Why Frank Sinatra Believed Marilyn Monroe Was Murdered: A New Book Reveals
Tony Oppedisano's memoir Sinatra and Me: In The Wee Small Hours is excerpted in this week's PEOPLE
While the events surrounding what really happened on August 4, 1962 when the star was found dead from a drug overdose remain a mystery, Sinatra's close confidant and former road manager Tony Oppedisano, whose memoir Sinatra and Me: In The Wee Small Hours, is excerpted in this week's PEOPLE, says the singer didn't believe it was an accidental overdose. "Frank believed she was murdered," he writes, "and he never got over it."
According to Oppedisano, Sinatra and Monroe were close friends but not lovers. While Sinatra thought she was beautiful and funny, he writes, "Frank felt she was too troubled, too fragile, for him to sleep with and then walk away."
She did however confide her most intimate secrets including her affairs with John F. Kennedy and Robert F. Kennedy.
When the affairs ended abruptly, he continues, "Marilyn told Frank she didn't understand why they'd shut her out completely once she stopped having sex with them."
The weekend before her death, the actress spent time at the famous Cal Neva Lodge, outside of Lake Tahoe, partially owned by Sinatra.
What the world didn't know, the author reveals, was that she was there to spend time with her ex-husband Joe DiMaggio who was staying nearby and that she had decided to make a press announcement the following week that they were getting back together.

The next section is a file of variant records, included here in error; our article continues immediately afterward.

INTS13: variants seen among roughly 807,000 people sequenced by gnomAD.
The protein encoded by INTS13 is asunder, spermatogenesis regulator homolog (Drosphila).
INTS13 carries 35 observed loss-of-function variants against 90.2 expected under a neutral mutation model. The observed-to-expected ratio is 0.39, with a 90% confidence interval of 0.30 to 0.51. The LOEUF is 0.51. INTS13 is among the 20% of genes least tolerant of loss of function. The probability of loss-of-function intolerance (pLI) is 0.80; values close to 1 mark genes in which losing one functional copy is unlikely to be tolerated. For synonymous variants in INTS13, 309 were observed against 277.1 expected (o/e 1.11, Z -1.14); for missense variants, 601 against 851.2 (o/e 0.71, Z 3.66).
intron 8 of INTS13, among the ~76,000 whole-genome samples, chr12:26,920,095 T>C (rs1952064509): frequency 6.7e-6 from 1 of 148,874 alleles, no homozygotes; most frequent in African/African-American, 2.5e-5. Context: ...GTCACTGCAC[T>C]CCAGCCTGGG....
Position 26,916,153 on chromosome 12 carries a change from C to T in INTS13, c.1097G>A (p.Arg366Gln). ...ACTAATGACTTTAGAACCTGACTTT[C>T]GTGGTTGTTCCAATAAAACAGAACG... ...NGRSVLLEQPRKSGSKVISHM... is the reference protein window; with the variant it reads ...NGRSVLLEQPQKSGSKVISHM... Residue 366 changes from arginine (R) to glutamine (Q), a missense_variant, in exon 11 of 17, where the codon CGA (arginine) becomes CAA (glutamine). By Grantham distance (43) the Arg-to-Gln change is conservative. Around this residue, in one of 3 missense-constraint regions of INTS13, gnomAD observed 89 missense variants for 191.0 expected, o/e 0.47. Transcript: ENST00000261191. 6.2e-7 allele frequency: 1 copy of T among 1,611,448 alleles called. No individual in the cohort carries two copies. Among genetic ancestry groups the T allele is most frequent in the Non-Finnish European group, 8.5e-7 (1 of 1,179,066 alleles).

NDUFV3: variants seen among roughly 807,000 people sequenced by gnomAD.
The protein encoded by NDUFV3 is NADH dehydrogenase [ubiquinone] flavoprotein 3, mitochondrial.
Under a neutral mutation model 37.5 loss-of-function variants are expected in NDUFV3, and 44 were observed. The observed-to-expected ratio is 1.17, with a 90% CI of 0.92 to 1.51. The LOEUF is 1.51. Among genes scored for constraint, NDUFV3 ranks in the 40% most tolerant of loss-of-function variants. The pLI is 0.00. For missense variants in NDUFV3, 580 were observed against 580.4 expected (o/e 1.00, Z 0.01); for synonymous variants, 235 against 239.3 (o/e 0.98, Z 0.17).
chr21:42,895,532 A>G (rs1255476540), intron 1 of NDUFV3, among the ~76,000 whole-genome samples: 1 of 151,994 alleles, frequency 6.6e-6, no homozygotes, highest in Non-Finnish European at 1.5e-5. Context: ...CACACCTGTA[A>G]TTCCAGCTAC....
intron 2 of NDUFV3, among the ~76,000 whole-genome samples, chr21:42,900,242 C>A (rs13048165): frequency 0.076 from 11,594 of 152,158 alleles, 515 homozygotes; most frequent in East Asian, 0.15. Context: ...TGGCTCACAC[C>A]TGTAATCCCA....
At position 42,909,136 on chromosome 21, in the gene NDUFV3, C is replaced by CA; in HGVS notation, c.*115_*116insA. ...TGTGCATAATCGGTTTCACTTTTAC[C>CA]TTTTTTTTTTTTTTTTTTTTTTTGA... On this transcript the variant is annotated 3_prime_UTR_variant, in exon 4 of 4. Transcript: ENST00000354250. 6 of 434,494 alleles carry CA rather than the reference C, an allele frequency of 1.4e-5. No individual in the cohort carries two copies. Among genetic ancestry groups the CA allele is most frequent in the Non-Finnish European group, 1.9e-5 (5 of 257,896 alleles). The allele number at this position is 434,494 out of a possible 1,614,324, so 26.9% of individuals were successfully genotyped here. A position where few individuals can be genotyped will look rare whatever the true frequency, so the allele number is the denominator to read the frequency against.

The news of a press conference sparked a rumor that Monroe was going to share details of her relationships with JFK and RFK. But, Oppedisano writes, "Frank said she'd never have spilled about the Kennedys because she still had feelings for [Jack.]"
And he says, "Frank believed if the press conference hadn't been announced, she would have lived a lot longer."
Within days of Monroe's death, he writes, Sinatra's attorney Mickey Rudin, who also worked with Monroe, told him that the actress had been killed. It was a rumor also circulating among Mob Boss Sam Giancana's men, some of whom claimed involvement. According to the book, Sinatra had several sources who told him the same story: "She'd been murdered with a Nembutal suppository and Robert Kennedy or the Mob was involved."
Over five decades later, the truth remains a mystery. "Conspiracy theories abound and I can't lay them to rest," writes Oppedisano. What he does know, is that Sinatra remained haunted by her death.
She was one of the many friends, including his Rat Pack pals Sammy Davis Jr. and Dean Martin, whom he reminisced about in his later years when they talked, often until dawn, at the singer's beloved Palm Springs compound. The stories were long held private but now 23 years after Sinatra's death, Oppedisano hopes by sharing them, he can show the human side of the music icon.
"I tried to paint the portrait of a man very few people got to know as well as I did," he says fondly. "I think he knew someday I'd share the stories he wanted the world to know."
For more on Frank Sinatra and the secrets he held close, pick up a copy of this week's PEOPLE.
- Gwen Stefani Thanks Blake Shelton for 'Letting Me Ride Your Coattails' into Country Music at Nashville Show
- Thistle Farms Founder Becca Stevens Leans on the Importance of Spreading Love in New Book Practically Divine
- Lawyer Recalls Winning His First Case in Same State Courts Where He Was Wrongfully Convicted
- AIDS Activist Remembers His Landmark Interview with Tammy Faye: 'I Was Struck By Her Compassion'